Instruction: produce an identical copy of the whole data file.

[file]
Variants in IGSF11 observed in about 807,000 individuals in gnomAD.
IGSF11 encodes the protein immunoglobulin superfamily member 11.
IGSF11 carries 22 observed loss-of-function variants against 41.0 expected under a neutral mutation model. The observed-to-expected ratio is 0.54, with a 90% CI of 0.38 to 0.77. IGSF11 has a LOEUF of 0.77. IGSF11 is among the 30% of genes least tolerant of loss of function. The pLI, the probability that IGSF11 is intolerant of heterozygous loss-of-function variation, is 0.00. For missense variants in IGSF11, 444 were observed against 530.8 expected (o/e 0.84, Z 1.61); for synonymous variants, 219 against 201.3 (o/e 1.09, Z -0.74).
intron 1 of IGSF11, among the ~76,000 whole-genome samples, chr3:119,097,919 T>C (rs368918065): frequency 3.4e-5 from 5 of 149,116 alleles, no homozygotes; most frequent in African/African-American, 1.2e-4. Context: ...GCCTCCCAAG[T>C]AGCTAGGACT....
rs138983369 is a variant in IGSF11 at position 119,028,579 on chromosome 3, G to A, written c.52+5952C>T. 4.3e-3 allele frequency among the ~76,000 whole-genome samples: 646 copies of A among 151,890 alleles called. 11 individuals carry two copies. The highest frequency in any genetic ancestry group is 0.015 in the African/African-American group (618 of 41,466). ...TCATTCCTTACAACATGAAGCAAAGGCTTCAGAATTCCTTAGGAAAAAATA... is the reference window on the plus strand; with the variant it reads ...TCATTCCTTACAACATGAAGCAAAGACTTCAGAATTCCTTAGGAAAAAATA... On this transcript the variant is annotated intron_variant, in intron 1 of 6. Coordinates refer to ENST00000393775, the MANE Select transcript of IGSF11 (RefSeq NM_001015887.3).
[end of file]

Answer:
Variants in IGSF11 observed in about 807,000 individuals in gnomAD.
IGSF11 encodes the protein immunoglobulin superfamily member 11.
IGSF11 carries 22 observed loss-of-function variants against 41.0 expected under a neutral mutation model. The observed-to-expected ratio is 0.54, with a 90% CI of 0.38 to 0.77. IGSF11 has a LOEUF of 0.77. IGSF11 is among the 30% of genes least tolerant of loss of function. The pLI, the probability that IGSF11 is intolerant of heterozygous loss-of-function variation, is 0.00. For missense variants in IGSF11, 444 were observed against 530.8 expected (o/e 0.84, Z 1.61); for synonymous variants, 219 against 201.3 (o/e 1.09, Z -0.74).
intron 1 of IGSF11, among the ~76,000 whole-genome samples, chr3:119,097,919 T>C (rs368918065): frequency 3.4e-5 from 5 of 149,116 alleles, no homozygotes; most frequent in African/African-American, 1.2e-4. Context: ...GCCTCCCAAG[T>C]AGCTAGGACT....
rs138983369 is a variant in IGSF11 at position 119,028,579 on chromosome 3, G to A, written c.52+5952C>T. 4.3e-3 allele frequency among the ~76,000 whole-genome samples: 646 copies of A among 151,890 alleles called. 11 individuals carry two copies. The highest frequency in any genetic ancestry group is 0.015 in the African/African-American group (618 of 41,466). ...TCATTCCTTACAACATGAAGCAAAGGCTTCAGAATTCCTTAGGAAAAAATA... is the reference window on the plus strand; with the variant it reads ...TCATTCCTTACAACATGAAGCAAAGACTTCAGAATTCCTTAGGAAAAAATA... On this transcript the variant is annotated intron_variant, in intron 1 of 6. Coordinates refer to ENST00000393775, the MANE Select transcript of IGSF11 (RefSeq NM_001015887.3).